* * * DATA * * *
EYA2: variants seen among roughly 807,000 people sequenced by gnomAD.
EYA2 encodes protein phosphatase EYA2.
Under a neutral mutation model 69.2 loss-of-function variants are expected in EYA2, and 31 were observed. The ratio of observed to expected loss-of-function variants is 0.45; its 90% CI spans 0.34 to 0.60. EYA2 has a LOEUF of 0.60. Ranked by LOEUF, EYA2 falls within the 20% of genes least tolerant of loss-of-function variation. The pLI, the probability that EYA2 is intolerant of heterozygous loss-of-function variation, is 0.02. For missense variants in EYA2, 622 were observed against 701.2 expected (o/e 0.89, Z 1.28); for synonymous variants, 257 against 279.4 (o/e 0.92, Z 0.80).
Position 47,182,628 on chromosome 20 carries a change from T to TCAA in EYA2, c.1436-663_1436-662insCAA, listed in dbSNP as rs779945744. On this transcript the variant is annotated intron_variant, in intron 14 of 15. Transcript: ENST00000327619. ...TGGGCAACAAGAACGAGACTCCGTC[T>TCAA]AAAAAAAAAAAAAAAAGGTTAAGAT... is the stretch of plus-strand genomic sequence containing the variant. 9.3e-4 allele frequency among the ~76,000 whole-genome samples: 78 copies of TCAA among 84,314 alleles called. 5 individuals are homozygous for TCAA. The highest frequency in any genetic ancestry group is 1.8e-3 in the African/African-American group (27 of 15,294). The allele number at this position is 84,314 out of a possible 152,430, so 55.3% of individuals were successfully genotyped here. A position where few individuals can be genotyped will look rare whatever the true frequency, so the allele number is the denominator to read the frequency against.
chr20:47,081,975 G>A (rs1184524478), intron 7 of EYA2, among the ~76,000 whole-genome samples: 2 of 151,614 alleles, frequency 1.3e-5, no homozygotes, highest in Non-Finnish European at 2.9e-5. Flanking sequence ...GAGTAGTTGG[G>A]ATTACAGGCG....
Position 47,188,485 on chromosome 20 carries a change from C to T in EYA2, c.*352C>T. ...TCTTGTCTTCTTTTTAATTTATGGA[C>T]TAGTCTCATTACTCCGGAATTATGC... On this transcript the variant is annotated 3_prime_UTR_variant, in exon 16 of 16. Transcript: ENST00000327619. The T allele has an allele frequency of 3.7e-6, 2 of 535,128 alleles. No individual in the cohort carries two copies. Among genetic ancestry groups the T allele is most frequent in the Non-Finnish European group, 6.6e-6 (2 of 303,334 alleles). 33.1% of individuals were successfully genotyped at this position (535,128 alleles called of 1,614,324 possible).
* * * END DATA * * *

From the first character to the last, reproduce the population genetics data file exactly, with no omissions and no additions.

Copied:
EYA2: variants seen among roughly 807,000 people sequenced by gnomAD.
EYA2 encodes protein phosphatase EYA2.
Under a neutral mutation model 69.2 loss-of-function variants are expected in EYA2, and 31 were observed. The ratio of observed to expected loss-of-function variants is 0.45; its 90% CI spans 0.34 to 0.60. EYA2 has a LOEUF of 0.60. Ranked by LOEUF, EYA2 falls within the 20% of genes least tolerant of loss-of-function variation. The pLI, the probability that EYA2 is intolerant of heterozygous loss-of-function variation, is 0.02. For missense variants in EYA2, 622 were observed against 701.2 expected (o/e 0.89, Z 1.28); for synonymous variants, 257 against 279.4 (o/e 0.92, Z 0.80).
Position 47,182,628 on chromosome 20 carries a change from T to TCAA in EYA2, c.1436-663_1436-662insCAA, listed in dbSNP as rs779945744. On this transcript the variant is annotated intron_variant, in intron 14 of 15. Transcript: ENST00000327619. ...TGGGCAACAAGAACGAGACTCCGTC[T>TCAA]AAAAAAAAAAAAAAAAGGTTAAGAT... is the stretch of plus-strand genomic sequence containing the variant. 9.3e-4 allele frequency among the ~76,000 whole-genome samples: 78 copies of TCAA among 84,314 alleles called. 5 individuals are homozygous for TCAA. The highest frequency in any genetic ancestry group is 1.8e-3 in the African/African-American group (27 of 15,294). The allele number at this position is 84,314 out of a possible 152,430, so 55.3% of individuals were successfully genotyped here. A position where few individuals can be genotyped will look rare whatever the true frequency, so the allele number is the denominator to read the frequency against.
chr20:47,081,975 G>A (rs1184524478), intron 7 of EYA2, among the ~76,000 whole-genome samples: 2 of 151,614 alleles, frequency 1.3e-5, no homozygotes, highest in Non-Finnish European at 2.9e-5. Flanking sequence ...GAGTAGTTGG[G>A]ATTACAGGCG....
Position 47,188,485 on chromosome 20 carries a change from C to T in EYA2, c.*352C>T. ...TCTTGTCTTCTTTTTAATTTATGGA[C>T]TAGTCTCATTACTCCGGAATTATGC... On this transcript the variant is annotated 3_prime_UTR_variant, in exon 16 of 16. Transcript: ENST00000327619. The T allele has an allele frequency of 3.7e-6, 2 of 535,128 alleles. No individual in the cohort carries two copies. Among genetic ancestry groups the T allele is most frequent in the Non-Finnish European group, 6.6e-6 (2 of 303,334 alleles). 33.1% of individuals were successfully genotyped at this position (535,128 alleles called of 1,614,324 possible).